In Crawford County, Arkansas, in 1838, a legend of the American West, Bass Reeves, was born. Rumored to be the inspiration for “The Lone Ranger,” he was one of the first black deputy marshals in the United States. Defining the image of an old West lawman, he is reported to have apprehended more than three thousand men and women for violating federal laws – including his son.
At 6ft 2in tall, 180 pounds, with a handlebar mustache, polished boots, and an ever-present large hat, Reeves dressed well and always carried two pistols. Ambidextrous with his firearms, he rarely missed a shot. He also had a reputation as a courteous truth-teller who was gentle with animals and revered the law. He said, “Maybe the law ain’t perfect, but it’s the only one we got, and without it, we got nuthin.”
The Early Years of Bass Reeves
Bass Reeves’ first name came from his grandfather, but his last name came from the family of enslaver and Speaker of the Texas House legislature, Colonel George R. Reeves. Growing up on the Reeves plantation, Bass went from water boy to field hand, working alongside his parents. When the Civil War broke out, Texas sided with the Confederacy, and Colonel Reeves’ went into battle. Bass accompanied him as a valet and bodyguard. In this role, he was taught to ride and handle firearms, where he demonstrated near-supernatural talent. It’s unclear if Reeves fought alongside the Confederacy. Still, he eventually deserted and escaped into the area now known as Oklahoma.
At the time, indigenous groups held the land, the final stop on the infamous Trail of Tears. He became acquainted with the Cherokee, Seminole, Creek, Choctaw, and Chickasaw tribes and learned their languages, customs, and tracking skills. Once “freed” by the Emancipation Proclamation in 1863, Reeves bought land near Van Buren, Arkansas, and became a farmer and rancher. He married and started a family. On the side, he guided federal deputies into this territory he’d learned so well. Though governed by tribal courts, they only held jurisdiction over tribe members. Any other outlaws could only be pursued by federal officers, and Reeves boasted that he knew this area “like a cook knows her kitchen.”
A Deputy of Legend
In 1875, Judge Isaac C. Parker (a.k.a. “Hanging Judge” Parker) took over the Fort Smith federal court, which held jurisdiction over a 75,000 square mile area. Parker appointed James Fagan head of 200 deputies, and Fagan commissioned Bass Reeves. Each deputy would ride between forts in an 800-mile circuit. Unable to read or write, Reeves would have someone read the warrants. He’d memorize the contents and months later, return with a collection of outlaws charged with everything from bootlegging to murder. Paid in rewards, Reeves would bring money home, spend time with his family, and then return to the range. No one could equal Reeves. For example, Bob Dozier (cattle rustler, bank robber, and murderer) long evaded the law, but Reeves tracked him to the Cherokee Nation and killed him in a gunfight that almost took his own life. According to Reeves, his biggest haul was 19 horse thieves near Fort Sill, Oklahoma. He became so legendary that noted female bootlegger Belle Starr turned herself in when she learned Reeves held her warrant.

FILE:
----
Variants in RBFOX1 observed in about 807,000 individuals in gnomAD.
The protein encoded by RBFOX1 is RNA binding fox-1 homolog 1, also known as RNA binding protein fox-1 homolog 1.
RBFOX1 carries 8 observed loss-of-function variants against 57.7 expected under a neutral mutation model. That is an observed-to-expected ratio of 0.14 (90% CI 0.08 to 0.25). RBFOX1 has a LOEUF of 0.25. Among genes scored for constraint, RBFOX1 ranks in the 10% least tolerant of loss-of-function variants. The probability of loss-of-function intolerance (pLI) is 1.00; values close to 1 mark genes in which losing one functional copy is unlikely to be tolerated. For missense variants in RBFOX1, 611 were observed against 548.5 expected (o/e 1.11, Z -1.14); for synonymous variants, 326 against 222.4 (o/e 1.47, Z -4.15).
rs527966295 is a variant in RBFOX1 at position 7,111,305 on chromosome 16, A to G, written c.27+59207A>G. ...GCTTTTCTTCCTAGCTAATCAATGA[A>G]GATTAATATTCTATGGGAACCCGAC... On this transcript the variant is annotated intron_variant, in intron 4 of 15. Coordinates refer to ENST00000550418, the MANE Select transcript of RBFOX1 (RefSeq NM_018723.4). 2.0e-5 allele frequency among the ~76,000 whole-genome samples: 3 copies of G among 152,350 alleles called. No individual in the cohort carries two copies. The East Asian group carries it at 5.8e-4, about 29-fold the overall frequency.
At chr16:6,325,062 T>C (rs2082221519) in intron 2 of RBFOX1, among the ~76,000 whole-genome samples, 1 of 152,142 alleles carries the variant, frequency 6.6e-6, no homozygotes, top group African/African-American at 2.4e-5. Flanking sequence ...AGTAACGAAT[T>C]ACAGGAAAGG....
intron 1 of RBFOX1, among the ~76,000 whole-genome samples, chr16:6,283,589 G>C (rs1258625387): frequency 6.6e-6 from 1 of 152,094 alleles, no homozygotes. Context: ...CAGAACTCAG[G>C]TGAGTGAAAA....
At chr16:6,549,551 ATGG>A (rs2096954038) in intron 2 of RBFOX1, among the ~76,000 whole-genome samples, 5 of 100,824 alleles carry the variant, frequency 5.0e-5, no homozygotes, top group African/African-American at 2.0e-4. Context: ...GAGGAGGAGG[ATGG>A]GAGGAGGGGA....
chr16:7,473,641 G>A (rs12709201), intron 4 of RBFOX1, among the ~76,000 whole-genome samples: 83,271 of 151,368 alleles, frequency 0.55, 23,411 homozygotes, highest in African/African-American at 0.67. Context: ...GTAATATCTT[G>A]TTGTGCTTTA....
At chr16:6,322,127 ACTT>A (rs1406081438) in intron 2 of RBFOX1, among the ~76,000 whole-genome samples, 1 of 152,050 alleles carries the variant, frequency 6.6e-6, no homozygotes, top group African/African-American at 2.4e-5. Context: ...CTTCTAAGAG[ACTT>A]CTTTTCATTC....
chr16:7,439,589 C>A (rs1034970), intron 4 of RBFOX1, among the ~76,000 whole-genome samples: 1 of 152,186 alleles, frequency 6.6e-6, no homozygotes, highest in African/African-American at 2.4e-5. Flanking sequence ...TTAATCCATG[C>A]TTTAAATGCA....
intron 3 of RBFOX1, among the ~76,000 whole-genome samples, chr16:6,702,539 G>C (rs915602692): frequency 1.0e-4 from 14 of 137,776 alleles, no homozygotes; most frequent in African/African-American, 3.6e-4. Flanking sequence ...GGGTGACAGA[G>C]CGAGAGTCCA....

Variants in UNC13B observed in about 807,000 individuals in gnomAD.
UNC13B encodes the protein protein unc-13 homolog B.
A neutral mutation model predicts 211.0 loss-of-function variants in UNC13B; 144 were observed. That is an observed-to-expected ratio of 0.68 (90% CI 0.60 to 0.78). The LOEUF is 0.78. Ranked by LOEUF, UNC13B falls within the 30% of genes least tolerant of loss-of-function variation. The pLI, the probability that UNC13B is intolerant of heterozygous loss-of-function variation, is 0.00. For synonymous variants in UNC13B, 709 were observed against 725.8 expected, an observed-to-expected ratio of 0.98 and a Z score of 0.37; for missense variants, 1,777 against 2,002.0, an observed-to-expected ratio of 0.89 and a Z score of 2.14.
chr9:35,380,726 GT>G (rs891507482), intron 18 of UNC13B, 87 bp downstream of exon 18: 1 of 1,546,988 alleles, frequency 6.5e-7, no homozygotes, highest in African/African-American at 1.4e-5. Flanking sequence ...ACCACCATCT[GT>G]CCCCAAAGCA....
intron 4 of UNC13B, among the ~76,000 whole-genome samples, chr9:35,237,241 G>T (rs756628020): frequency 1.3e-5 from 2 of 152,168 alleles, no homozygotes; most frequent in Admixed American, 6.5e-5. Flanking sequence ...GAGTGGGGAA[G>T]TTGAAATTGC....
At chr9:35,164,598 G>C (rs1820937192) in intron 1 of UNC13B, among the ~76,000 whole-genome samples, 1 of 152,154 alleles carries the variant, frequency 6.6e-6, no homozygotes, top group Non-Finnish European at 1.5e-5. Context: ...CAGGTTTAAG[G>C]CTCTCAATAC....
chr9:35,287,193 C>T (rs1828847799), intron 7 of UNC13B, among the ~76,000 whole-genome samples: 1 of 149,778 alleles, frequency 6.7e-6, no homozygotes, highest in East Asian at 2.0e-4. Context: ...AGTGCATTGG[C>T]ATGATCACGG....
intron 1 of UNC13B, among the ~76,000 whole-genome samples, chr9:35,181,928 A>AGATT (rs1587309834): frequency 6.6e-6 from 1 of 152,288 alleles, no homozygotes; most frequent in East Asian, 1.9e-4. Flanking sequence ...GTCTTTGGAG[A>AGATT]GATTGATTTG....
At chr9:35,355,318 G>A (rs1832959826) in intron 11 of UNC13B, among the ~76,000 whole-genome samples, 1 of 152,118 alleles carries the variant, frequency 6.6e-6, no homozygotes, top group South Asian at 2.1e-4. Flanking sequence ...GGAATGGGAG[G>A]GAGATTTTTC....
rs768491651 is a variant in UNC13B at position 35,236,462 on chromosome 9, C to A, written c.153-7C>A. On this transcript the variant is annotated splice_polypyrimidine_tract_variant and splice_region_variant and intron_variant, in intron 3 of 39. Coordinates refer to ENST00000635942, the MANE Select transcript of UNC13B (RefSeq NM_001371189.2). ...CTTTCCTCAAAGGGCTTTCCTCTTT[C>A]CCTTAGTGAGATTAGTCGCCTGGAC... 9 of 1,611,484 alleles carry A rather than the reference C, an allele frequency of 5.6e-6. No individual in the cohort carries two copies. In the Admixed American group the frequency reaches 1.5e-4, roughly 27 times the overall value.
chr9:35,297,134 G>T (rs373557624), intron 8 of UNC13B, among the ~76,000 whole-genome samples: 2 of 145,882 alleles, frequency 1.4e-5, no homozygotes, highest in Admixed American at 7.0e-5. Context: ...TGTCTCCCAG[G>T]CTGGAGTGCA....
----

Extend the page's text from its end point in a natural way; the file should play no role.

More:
Once, while pursuing two outlaws, Reeves and his posse set up camp 28 miles from the suspects’ mother’s home. Bass disguised himself as a tramp with a cane, old shoes, and a hat with three bullet holes. He walked the many miles to the house with handcuffs and his badge hidden under his clothes. When the mother answered the door, Reeves claimed to be on the run from a posse who put bullet holes in his hat. She invited him in, served him food, and suggested he join forces with her sons. At dusk, her sons appeared, and all were introduced. Reeves watched them drift off to sleep and handcuffed them in their sleep. The following day, he kicked them awake. He marched them the 28 miles to his waiting posse – the mother following and cursing Reeves along the way.
In 1887, he found himself on the other side of the law when charged with murdering a posse cook. Like the many outlaws he’d arrested, he was tried before Judge Parker. Acquitted, Reeves said of his service that he “never shot a man when it was not necessary for him to do so in the discharge of his duty to save his own life.”
In 1896, Reeves’ wife died, and by 1900, he remarried. He fathered a total of 12 children, with 1 out of wedlock. In 1902 came the toughest manhunt for the lawman: hunting down his son Bennie. Charged with killing his wife in a jealous fit, when Reeves learned of the warrant, he demanded the responsibility. Two weeks later, he returned with his son. Bennie was tried, convicted, and sentenced to life in prison. Later, after maintaining an exemplary prison record, and a citizen’s petition, Bennie Reeves was pardoned and lived the rest of his life as a model citizen.
The Bass Reeves Legacy
Reeves was the only deputy, to begin with Parker’s court and work until Oklahoma statehood in 1907. As a black man, Bass was not allowed to continue as deputy marshal under the new state laws. In 1907, at the age of 69, he became a police officer and served for two years. Reeves passed away due to natural causes on January 12, 1910. His obituary described him as “absolutely fearless and knowing no master but duty.”
Yet the grave of Bass Reeves is unknown, believed to be on private property and unmarked. For a long time, his legacy faded with the quietly reported but unsubstantiated rumor that he inspired “The Lone Ranger.” Yet recently his legend has begun to re-emerge. In 2012, a bronze statue depicting Reeves was dedicated in Fort Smith, Arkansas, and he’s the subject of a TV series, Lawmen: Bass Reeves, set to premiere in late 2023.
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